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Published 9 May 2016
The Hungarian Data Protection and Freedom of Information Agency (the “DPA”) recently published guidance on voice recordings and call centre operations (the “Guidance”).
Under the Guidance voice recordings, such as speech and conversations, constitute personal data and therefore data controllers must comply with their data protection obligations in order to process such voice recordings. The use and processing of voice recordings requires a legal basis, namely a data subject’s consent, unless there is a statutory legal provision which permits the processing. A data subject must also be informed at the beginning of a call that the call is being recorded. However, these obligations and requirements do not apply to crowd recordings or recordings of appearances at public events.
When obtaining a data subject’s consent, data subjects should be well informed and given a notice which includes all the relevant facts of the data processing and outlines why the voice recording is being made. In the event that a third party wants to access recordings of conversations involving numerous individuals, then each individual’s consent must be obtained first.
In respect of access rights, the data controller must provide the data subject with simple and clear information about the voice recordings. The DPA recommends that data controllers should allow data subjects to listen to their voice recordings and the data subject similarly has the right to record the conversation. The data subject is not allowed however, to publish or disclose their own recording and must only use the recording for enforcement or defence purposes if involved in a claim with the data controller.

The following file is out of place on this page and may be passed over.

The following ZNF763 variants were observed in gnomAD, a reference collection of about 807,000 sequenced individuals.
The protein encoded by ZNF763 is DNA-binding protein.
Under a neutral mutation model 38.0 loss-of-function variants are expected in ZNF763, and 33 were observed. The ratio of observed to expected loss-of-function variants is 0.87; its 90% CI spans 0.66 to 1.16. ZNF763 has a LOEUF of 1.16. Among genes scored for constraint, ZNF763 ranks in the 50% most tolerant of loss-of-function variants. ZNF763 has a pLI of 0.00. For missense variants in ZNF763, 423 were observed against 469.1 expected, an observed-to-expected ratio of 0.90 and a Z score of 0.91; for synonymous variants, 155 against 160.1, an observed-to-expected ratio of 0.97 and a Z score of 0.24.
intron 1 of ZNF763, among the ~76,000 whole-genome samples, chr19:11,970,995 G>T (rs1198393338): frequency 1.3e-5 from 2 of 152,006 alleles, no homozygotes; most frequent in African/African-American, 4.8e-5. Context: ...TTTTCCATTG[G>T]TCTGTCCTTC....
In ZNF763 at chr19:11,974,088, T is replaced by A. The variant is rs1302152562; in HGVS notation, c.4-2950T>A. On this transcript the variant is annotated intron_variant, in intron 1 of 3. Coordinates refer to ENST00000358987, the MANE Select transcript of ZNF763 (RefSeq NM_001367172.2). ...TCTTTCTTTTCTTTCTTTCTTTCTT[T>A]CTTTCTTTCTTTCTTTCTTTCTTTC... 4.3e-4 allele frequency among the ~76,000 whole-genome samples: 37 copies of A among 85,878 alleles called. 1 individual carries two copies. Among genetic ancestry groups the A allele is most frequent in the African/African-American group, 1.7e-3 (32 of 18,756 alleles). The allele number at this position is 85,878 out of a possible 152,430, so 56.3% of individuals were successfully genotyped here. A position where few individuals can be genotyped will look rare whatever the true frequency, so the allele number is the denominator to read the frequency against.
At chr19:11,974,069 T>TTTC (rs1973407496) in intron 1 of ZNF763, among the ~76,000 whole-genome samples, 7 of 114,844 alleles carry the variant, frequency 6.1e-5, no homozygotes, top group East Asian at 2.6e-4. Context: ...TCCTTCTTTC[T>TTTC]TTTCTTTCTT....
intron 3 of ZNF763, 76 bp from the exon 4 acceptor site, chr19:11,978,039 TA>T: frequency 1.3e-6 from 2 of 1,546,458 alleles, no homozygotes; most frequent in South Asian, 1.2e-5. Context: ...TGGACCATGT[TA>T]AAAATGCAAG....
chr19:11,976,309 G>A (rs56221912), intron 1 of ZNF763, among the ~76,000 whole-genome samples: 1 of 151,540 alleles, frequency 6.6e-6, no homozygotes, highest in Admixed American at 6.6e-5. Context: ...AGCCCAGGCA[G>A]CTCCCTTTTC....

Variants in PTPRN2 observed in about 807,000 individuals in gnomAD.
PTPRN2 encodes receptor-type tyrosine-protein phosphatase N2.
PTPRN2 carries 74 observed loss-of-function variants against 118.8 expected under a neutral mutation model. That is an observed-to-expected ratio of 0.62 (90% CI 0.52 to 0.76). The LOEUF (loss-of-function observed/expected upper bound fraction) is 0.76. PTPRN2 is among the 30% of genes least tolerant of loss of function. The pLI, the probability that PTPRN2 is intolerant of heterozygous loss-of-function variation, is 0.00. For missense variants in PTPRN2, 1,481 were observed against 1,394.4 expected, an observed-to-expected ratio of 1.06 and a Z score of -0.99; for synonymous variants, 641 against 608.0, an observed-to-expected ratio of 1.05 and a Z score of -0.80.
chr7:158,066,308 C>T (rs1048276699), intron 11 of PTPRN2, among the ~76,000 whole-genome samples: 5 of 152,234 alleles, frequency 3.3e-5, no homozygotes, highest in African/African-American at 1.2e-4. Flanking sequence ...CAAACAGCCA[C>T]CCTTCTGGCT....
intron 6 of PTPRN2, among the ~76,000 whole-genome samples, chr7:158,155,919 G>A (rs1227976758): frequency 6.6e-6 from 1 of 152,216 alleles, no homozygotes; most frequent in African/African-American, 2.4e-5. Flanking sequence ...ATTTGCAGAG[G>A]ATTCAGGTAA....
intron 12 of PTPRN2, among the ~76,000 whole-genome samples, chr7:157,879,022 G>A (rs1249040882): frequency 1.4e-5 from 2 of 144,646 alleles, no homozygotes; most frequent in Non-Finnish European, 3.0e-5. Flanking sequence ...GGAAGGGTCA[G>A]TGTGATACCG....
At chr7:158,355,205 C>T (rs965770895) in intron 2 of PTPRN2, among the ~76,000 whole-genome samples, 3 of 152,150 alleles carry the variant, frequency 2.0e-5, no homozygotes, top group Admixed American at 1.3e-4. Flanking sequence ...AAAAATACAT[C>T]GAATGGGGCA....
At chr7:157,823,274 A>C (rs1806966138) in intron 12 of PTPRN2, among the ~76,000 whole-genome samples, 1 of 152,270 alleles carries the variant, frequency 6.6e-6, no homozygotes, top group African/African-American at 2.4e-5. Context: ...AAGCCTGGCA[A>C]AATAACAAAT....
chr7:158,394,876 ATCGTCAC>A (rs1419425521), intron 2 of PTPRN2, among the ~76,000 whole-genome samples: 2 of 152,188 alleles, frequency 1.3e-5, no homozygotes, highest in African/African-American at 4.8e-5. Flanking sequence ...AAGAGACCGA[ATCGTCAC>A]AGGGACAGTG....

In the backdrop of a call centre, employers must ensure that it notifies each of its employees, whose voices will be recorded, about the data processing of those voice recordings.
The Guidance also provides: (1) specific recommendations for call centre operations; (2) recommendations relating to data retention issues which are applicable to Hungarian banks, insurance companies, telecom service provides and public utility providers; and (3) recommendations on the legal remedies that are available to data subjects whose rights have been infringed.
To the extent that an organisation makes use of call recording and call centres in Hungary it should ensure that it complies with the Guidance and implements the requirements and recommendations within it.
A copy of the Guidance can be read here (Hungarian).
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